Ford began to resume vehicle production in the United States on May 18, 2020 with new coronavirus safety protocols such as health assessments, personal protective equipment, and facility modifications to increase social distancing.
With no end in sight this year, the current semiconductor chip shortage is now expected to cost the global auto industry an estimated $ 210 billion in revenue in 2021, according to consulting firm AlixPartners.
The forecast is almost double the previous projection of $ 110 billion in May. The New York-based company first released an initial forecast of $ 60.6 billion in late January when the parts problem began causing automakers to cut production at factories.
“Of course everyone had hoped the chip crisis would have eased further now, but unfortunate events such as the COVID-19 lockdowns in Malaysia and lingering problems elsewhere have exacerbated things,” Mark Wakefield, co- World leader in automotive and manufacturing practice at AlixPartners, said in a statement.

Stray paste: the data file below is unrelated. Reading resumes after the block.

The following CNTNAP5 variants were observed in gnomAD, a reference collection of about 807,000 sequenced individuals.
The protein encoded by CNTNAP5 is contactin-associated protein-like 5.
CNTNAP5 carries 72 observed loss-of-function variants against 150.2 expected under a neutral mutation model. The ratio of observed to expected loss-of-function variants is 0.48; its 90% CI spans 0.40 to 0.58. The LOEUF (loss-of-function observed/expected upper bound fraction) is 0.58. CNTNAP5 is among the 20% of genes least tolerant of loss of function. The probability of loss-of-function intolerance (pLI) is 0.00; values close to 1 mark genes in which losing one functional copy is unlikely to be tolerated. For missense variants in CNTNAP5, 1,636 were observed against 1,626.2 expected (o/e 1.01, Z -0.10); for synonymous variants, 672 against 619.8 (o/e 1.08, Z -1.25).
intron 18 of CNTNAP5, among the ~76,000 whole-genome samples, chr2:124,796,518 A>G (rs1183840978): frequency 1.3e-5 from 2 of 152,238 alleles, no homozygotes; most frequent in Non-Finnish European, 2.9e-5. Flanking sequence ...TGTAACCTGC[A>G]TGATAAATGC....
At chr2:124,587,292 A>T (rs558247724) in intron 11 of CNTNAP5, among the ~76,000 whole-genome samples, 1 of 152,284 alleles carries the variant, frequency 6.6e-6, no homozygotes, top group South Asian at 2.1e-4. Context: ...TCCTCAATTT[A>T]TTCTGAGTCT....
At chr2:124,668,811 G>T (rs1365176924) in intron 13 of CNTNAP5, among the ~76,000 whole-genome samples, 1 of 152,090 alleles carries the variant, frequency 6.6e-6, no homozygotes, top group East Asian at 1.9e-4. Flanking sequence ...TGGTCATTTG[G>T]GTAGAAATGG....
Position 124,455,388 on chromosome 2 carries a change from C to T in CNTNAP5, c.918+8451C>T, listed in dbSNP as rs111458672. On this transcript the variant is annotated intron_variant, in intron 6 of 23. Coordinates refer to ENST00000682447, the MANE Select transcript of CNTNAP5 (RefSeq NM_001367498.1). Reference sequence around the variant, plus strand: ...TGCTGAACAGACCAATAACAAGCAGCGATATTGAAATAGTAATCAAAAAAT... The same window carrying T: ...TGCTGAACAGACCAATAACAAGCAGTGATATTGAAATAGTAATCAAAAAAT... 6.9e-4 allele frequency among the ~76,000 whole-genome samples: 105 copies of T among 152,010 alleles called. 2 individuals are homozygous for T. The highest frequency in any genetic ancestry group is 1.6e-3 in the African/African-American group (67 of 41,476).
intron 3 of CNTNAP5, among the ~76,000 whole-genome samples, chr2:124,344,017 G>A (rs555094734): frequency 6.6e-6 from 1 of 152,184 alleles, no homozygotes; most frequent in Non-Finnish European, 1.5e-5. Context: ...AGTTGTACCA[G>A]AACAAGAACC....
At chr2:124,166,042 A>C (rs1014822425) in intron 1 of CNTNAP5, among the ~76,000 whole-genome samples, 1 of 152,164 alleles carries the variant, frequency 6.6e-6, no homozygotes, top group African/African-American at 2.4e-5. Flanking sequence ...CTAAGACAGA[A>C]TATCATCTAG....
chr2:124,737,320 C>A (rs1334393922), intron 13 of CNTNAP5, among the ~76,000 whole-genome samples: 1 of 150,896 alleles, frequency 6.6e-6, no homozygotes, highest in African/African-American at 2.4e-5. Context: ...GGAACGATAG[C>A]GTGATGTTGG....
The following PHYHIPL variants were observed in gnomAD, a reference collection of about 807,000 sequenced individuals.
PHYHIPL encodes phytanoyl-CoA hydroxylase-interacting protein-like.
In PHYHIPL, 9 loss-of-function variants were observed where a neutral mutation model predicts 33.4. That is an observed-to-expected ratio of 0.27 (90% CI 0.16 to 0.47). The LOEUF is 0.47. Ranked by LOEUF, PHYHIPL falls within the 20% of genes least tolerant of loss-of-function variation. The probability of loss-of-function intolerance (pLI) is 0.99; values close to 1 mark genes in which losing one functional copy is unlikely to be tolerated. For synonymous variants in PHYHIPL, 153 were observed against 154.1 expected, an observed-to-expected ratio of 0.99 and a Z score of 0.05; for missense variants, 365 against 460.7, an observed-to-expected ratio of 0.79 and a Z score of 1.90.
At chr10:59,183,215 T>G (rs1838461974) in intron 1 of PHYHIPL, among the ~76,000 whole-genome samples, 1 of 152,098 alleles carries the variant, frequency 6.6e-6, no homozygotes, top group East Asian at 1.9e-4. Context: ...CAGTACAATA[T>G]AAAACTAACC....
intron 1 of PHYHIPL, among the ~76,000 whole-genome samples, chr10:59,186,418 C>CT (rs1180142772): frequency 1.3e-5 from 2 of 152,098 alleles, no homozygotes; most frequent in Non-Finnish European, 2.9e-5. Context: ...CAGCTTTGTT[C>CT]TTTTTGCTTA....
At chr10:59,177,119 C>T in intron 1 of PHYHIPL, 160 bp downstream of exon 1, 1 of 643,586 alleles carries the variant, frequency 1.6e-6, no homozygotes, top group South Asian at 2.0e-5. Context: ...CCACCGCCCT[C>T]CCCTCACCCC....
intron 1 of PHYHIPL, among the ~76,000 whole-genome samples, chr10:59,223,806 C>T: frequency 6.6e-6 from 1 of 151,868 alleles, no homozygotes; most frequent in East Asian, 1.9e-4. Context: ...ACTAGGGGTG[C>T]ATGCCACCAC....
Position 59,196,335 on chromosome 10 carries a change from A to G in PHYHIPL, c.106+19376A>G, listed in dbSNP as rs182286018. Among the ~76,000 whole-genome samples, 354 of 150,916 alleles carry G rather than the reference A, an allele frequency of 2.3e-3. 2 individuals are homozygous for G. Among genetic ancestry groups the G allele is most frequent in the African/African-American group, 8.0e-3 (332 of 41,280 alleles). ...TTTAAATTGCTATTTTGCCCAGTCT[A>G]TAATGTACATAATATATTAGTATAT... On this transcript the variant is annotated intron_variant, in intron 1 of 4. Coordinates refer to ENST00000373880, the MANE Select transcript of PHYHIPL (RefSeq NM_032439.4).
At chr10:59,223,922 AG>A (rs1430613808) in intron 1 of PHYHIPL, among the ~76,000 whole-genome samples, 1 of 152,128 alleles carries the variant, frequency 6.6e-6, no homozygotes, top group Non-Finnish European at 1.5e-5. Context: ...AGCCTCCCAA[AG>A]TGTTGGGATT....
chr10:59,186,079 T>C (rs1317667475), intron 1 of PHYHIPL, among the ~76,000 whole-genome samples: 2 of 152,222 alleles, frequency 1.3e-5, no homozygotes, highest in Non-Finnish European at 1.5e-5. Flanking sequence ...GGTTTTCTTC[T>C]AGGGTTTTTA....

AlixPartners now predicts 7.7 million units of production will be lost in 2021, up from 3.9 million in its May forecast.
Automakers around the world, including Ford Motor and General Motors, had warned of a massive drop in profits this year due to the chip shortage. But some, if not many, of those losses were offset by resilient consumer demand and higher profits from record vehicle prices.